Why Monogamy Can’t Commit to Polyamory

Polyamory, so-called ethical non-monogamy, is the practice of having more than one sexual or intimate relationship at the same time with the knowledge and consent of all persons involved. Over the past 20 years, polyamory has become an increasingly successful and assertive social movement, one result of dissatisfaction with monogamy’s long-standing insistence that sexual exclusiveness necessarily be linked to fidelity.

Polyamory directly challenges monogamy by seeking to relax the quintessential restriction that monogamy imposes on desire, i.e., sexual exclusiveness (abolition of which is every monogamist’s fantasy), and by rejecting monogamy’s claim of cultural supremacy or moral superiority because of its exclusiveness.

The gauntlet thus thrown down, or laid sweetly on the table, less traditionally-minded monogamists will react haltingly to polyamory, even if they like it. Monogamists envy polyamorists their freedom from sexual and emotional confinement to a single partner, because they have suffered from it, but they waver at all that this freedom may imply for the integrity of monogamous relationships, not least their own. They surmise that the spouse or significant other they have (or would like to have) could not possibly be as significant to them, not in the same way, if they “opened” their relationship, and vice-versa. They doubt that polyamory could distinguish itself from previous failed attempts at “free love.”

It is also believed that monogamy, whatever its flaws, has captured a depth of connection or commitment between people that is unique, even if “everyone” is doing it, and that it has a certain weight other relationships lack which should be preserved. Skepticism among monogamists arises at the thought of losing that uniqueness and weight toward generalized, less committed associations without preferences, the logical extremity of which is the meaningless promiscuity exemplified in Aldous Huxley’s Brave New World, its inchoate form on view in contemporary “hook-up” culture. The question, in short, “Polyamory sounds lovely, but will we risk what we have and want to keep (or would like to have and keep) which could be lost, for a new way that isn’t obviously superior?”, initially has no clear answer.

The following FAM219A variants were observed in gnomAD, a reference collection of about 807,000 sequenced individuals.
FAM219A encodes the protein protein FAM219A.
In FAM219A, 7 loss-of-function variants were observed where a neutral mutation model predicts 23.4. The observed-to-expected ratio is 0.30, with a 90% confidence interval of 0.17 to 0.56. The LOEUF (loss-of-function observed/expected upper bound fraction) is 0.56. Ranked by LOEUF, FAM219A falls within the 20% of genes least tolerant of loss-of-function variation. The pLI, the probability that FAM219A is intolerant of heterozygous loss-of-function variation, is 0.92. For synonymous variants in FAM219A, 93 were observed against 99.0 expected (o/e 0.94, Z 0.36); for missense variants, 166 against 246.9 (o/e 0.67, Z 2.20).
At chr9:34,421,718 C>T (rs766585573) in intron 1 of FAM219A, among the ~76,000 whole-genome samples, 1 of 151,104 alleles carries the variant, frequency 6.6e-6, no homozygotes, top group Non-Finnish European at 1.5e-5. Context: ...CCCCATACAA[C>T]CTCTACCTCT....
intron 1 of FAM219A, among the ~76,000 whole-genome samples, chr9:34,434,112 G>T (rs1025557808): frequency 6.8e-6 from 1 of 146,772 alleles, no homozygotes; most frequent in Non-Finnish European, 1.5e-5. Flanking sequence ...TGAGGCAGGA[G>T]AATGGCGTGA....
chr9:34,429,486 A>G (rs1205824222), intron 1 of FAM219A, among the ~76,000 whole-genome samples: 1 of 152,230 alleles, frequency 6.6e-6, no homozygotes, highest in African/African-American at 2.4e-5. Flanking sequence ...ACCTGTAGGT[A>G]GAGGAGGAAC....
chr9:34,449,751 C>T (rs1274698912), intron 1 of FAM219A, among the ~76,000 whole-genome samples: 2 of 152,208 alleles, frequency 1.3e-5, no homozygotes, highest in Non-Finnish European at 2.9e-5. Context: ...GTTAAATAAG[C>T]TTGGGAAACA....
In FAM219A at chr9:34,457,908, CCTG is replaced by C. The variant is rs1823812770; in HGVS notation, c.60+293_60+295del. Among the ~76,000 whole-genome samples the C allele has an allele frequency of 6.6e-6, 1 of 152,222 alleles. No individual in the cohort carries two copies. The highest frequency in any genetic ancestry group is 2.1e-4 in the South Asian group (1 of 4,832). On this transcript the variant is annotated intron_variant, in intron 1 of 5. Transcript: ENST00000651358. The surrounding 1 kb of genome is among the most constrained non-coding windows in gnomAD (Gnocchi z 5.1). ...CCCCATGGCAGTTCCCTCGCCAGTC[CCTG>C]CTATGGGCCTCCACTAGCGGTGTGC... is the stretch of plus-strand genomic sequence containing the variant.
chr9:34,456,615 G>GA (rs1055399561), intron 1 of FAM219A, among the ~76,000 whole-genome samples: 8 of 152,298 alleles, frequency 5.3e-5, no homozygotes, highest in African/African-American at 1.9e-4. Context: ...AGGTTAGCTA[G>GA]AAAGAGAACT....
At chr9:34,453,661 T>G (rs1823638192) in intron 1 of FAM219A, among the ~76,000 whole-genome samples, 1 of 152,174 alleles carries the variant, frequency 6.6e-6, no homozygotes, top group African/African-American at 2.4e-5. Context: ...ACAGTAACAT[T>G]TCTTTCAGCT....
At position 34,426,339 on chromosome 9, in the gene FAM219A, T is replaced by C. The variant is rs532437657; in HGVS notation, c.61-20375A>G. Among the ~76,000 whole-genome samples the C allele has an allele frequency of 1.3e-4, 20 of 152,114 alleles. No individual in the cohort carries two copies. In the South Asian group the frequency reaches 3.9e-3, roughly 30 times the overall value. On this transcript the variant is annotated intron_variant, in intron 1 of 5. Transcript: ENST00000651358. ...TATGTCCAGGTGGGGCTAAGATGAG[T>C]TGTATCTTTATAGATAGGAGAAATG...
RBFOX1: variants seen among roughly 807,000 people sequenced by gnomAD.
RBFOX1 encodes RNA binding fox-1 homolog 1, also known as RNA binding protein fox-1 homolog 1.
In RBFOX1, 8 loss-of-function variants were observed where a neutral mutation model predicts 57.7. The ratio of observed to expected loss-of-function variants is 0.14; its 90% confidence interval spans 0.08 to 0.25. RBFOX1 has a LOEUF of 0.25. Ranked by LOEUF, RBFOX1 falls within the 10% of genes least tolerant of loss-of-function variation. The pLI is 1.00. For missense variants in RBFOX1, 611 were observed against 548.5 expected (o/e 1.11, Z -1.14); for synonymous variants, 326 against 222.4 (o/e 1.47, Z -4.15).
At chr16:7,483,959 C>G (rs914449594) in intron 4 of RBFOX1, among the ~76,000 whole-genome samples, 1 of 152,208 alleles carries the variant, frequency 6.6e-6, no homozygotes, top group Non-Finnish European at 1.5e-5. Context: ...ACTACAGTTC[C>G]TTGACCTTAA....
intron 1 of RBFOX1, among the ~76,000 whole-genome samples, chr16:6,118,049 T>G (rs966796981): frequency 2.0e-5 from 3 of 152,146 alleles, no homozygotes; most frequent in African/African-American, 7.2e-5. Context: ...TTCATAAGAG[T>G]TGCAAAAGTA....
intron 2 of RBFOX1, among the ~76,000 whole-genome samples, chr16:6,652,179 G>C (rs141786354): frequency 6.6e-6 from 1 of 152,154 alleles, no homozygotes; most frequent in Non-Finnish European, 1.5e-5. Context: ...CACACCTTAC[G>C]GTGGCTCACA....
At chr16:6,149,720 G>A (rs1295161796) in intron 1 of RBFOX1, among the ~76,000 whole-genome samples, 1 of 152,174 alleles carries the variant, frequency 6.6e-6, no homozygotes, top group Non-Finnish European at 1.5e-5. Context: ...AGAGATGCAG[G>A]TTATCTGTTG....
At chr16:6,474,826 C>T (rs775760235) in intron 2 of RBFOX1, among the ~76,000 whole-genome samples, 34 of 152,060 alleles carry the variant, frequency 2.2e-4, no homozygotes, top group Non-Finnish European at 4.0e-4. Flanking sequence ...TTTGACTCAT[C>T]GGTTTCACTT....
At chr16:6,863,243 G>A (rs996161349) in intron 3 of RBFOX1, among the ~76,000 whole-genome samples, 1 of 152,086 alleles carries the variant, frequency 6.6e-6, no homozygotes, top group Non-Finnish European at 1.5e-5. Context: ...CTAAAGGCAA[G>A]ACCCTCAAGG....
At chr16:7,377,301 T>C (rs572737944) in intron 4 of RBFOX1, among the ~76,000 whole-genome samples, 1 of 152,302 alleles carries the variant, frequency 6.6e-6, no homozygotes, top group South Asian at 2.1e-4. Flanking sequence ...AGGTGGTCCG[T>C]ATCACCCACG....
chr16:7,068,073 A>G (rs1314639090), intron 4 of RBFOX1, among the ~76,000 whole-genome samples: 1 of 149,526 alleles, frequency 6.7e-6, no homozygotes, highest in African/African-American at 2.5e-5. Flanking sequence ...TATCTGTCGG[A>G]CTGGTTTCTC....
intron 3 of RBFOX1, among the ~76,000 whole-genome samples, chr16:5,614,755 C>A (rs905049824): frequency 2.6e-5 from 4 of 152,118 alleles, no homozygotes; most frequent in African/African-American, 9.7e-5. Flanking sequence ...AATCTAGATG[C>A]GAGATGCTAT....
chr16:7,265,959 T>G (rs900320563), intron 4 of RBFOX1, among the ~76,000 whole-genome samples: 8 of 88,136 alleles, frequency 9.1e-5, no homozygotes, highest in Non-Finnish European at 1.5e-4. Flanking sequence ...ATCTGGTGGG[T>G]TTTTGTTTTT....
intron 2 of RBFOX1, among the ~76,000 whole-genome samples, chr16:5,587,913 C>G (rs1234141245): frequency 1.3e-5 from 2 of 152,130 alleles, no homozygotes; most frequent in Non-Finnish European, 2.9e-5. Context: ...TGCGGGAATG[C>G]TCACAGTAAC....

Polyamorists can answer these points proficiently; I, a monogamist, would never argue with them. Whatever their reservations may be, monogamists who would be open-minded, and honest about monogamy’s problems, particularly around sex, have a duty despite their hesitation not to interfere with the development of polyamorous norms, even though it may be attended by hooey (Have you heard the word “compersion“?).

There are exponents of polyamorist tendencies, however, buoyed along continuously of late by any number of questionable theoretical tracts, like Sex at Dawn, who, though they may claim to respect monogamy’s virtues in the abstract, move too quickly to dispense with monogamy altogether, because of its stark disagreement with what Bertrand Russell called the “generally polygamous instincts [of] uninhibited civilized people.” They are the inheritors of free love, and will be liable to its errors. But polyamory has distinguished itself as a whole in its consciousness of and respect for the tradition that it simultaneously severely critiques. I suspect that, for better or worse, polyamory will meet with more cultural success, but that the conflict between the two preferences, monogamy and polyamory, is hopelessly fraught and will never be resolved. Or polyamory will fail simply because it is too much work.

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